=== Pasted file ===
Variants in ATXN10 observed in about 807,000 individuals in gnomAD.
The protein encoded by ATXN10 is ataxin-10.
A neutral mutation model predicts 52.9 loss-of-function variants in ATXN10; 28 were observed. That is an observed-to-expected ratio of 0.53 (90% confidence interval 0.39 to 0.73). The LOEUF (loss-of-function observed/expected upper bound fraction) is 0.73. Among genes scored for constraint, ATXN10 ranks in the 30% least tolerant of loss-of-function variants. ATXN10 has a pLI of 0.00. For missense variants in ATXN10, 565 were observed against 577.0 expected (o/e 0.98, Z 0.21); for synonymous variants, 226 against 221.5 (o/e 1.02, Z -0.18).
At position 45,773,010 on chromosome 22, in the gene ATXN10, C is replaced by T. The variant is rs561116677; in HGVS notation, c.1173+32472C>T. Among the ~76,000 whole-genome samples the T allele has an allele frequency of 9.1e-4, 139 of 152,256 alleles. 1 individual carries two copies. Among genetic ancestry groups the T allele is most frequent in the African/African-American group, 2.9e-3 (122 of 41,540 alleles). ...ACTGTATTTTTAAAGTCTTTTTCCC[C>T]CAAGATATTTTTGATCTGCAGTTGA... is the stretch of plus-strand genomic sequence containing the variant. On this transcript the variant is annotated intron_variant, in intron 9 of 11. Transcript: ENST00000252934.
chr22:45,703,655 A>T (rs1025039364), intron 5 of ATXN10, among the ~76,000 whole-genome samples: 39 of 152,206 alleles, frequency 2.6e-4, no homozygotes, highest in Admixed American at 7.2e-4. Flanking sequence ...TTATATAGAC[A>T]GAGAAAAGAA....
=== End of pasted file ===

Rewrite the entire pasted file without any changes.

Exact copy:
Variants in ATXN10 observed in about 807,000 individuals in gnomAD.
The protein encoded by ATXN10 is ataxin-10.
A neutral mutation model predicts 52.9 loss-of-function variants in ATXN10; 28 were observed. That is an observed-to-expected ratio of 0.53 (90% confidence interval 0.39 to 0.73). The LOEUF (loss-of-function observed/expected upper bound fraction) is 0.73. Among genes scored for constraint, ATXN10 ranks in the 30% least tolerant of loss-of-function variants. ATXN10 has a pLI of 0.00. For missense variants in ATXN10, 565 were observed against 577.0 expected (o/e 0.98, Z 0.21); for synonymous variants, 226 against 221.5 (o/e 1.02, Z -0.18).
At position 45,773,010 on chromosome 22, in the gene ATXN10, C is replaced by T. The variant is rs561116677; in HGVS notation, c.1173+32472C>T. Among the ~76,000 whole-genome samples the T allele has an allele frequency of 9.1e-4, 139 of 152,256 alleles. 1 individual carries two copies. Among genetic ancestry groups the T allele is most frequent in the African/African-American group, 2.9e-3 (122 of 41,540 alleles). ...ACTGTATTTTTAAAGTCTTTTTCCC[C>T]CAAGATATTTTTGATCTGCAGTTGA... is the stretch of plus-strand genomic sequence containing the variant. On this transcript the variant is annotated intron_variant, in intron 9 of 11. Transcript: ENST00000252934.
chr22:45,703,655 A>T (rs1025039364), intron 5 of ATXN10, among the ~76,000 whole-genome samples: 39 of 152,206 alleles, frequency 2.6e-4, no homozygotes, highest in Admixed American at 7.2e-4. Flanking sequence ...TTATATAGAC[A>T]GAGAAAAGAA....